34. Hotelling, H. (1931). The economics of exhaustible resources. Journal of Political Economy, 39(2), 137–175.CrossRefGoogle Scholar
  35. International Energy Agency (IEA). (2013). World energy outlook 2013. Paris: OECD/IEA.Google Scholar
  36. International Energy Agency (IEA). (2015). World energy model documentation (2015th ed.). Paris: OECD/IEA.Google Scholar
  37. International Energy Agency (IEA). (2016). World energy outlook 2016. Paris: OECD/IEA.Google Scholar
  38. International Energy Agency (IEA). (2017). Oil 2017: Analyses and forecasts to 2022. Paris: OECD/IEA.Google Scholar
  39. International Energy Agency (IEA) and International Renewable Energy Agency (IRENA). (2017). Perspectives for the energy transition: Investment needs for a low-carbon energy system. OECD/IEA and IRENA.Google Scholar
  40. IHS CERA. (2009). Oil demand from developed countries has peaked.
  41. Johansson, D. J., Azar, C., Lindgren, K., & Persson, T. A. (2009). OPEC strategies and oil rent in a climate conscious world. The Energy Journal, 23–50.Google Scholar
  42. Karl, T. L. (1997). The paradox of plenty: Oil booms and petro-states. Berkeley: University of California Press.Google Scholar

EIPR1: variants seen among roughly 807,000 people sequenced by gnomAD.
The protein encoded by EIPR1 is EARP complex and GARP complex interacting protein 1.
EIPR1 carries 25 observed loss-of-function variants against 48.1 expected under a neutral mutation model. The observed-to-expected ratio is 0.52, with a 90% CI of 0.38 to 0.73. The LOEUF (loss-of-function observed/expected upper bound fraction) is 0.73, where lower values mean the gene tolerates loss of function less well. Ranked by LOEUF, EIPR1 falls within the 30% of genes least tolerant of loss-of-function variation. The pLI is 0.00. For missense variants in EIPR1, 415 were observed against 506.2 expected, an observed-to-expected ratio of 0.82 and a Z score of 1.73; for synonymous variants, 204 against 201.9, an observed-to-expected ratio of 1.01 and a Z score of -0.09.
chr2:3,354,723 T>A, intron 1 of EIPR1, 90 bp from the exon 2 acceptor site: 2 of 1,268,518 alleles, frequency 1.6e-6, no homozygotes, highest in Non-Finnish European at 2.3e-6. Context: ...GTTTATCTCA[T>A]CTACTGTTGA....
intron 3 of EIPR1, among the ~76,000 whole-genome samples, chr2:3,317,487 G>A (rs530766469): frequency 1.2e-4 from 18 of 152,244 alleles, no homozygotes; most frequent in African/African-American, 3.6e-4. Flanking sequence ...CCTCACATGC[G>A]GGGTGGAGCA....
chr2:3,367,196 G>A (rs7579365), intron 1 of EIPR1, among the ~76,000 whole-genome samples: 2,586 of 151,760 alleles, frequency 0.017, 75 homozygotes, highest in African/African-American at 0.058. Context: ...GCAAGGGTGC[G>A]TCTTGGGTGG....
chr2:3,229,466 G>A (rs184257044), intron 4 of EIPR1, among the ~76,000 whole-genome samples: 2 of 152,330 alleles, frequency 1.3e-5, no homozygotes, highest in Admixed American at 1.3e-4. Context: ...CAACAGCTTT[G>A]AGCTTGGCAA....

43. Katakey, R. (2016). Energy giant shell says oil demand could peak in just five years. Bloomberg, November 2.Google Scholar
  44. Klare, M. (2009). Rising powers, shrinking planet: The new geopolitics of energy. New York: Metropolitan Books.Google Scholar
  45. Klare, M. (2012). The race for what’s left: The global scramble for the world’s last resources. Macmillan.Google Scholar
  46. Klare, M. (2016). No blood for oil? Hydrocarbon abundance and international security. In The Palgrave handbook of the international political economy of energy (pp. 419–439). UK: Palgrave Macmillan.CrossRefGoogle Scholar
  47. Krane, J. (2015). A refined approach: Saudi Arabia moves beyond crude. Energy Policy, 82, 99–104.CrossRefGoogle Scholar
  48. Lederman, D., & Maloney, W. F. (2007). Trade structure and growth. In D. Lederman & W. F. Maloney (Eds.), Natural resources: Neither curse nor destiny (pp. 15–40). Washington, DC: Stanford University Press and the World Bank.Google Scholar